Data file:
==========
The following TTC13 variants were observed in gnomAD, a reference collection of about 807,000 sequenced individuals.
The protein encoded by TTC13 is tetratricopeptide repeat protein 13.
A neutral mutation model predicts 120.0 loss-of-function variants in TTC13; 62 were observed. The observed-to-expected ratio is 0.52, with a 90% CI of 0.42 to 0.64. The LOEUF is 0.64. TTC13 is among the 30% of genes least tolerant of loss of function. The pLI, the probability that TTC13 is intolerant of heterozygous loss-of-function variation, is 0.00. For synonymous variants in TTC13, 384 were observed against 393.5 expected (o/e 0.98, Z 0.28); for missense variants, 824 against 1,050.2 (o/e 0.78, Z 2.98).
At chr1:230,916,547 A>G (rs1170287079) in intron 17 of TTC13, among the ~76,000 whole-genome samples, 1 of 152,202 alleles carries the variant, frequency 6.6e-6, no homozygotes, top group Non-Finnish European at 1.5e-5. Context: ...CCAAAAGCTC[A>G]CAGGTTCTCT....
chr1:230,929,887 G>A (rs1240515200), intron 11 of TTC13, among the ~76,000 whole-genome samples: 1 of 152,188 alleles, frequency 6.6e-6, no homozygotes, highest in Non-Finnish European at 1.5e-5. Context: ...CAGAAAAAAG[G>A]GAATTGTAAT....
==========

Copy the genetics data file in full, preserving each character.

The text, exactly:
The following TTC13 variants were observed in gnomAD, a reference collection of about 807,000 sequenced individuals.
The protein encoded by TTC13 is tetratricopeptide repeat protein 13.
A neutral mutation model predicts 120.0 loss-of-function variants in TTC13; 62 were observed. The observed-to-expected ratio is 0.52, with a 90% CI of 0.42 to 0.64. The LOEUF is 0.64. TTC13 is among the 30% of genes least tolerant of loss of function. The pLI, the probability that TTC13 is intolerant of heterozygous loss-of-function variation, is 0.00. For synonymous variants in TTC13, 384 were observed against 393.5 expected (o/e 0.98, Z 0.28); for missense variants, 824 against 1,050.2 (o/e 0.78, Z 2.98).
At chr1:230,916,547 A>G (rs1170287079) in intron 17 of TTC13, among the ~76,000 whole-genome samples, 1 of 152,202 alleles carries the variant, frequency 6.6e-6, no homozygotes, top group Non-Finnish European at 1.5e-5. Context: ...CCAAAAGCTC[A>G]CAGGTTCTCT....
chr1:230,929,887 G>A (rs1240515200), intron 11 of TTC13, among the ~76,000 whole-genome samples: 1 of 152,188 alleles, frequency 6.6e-6, no homozygotes, highest in Non-Finnish European at 1.5e-5. Context: ...CAGAAAAAAG[G>A]GAATTGTAAT....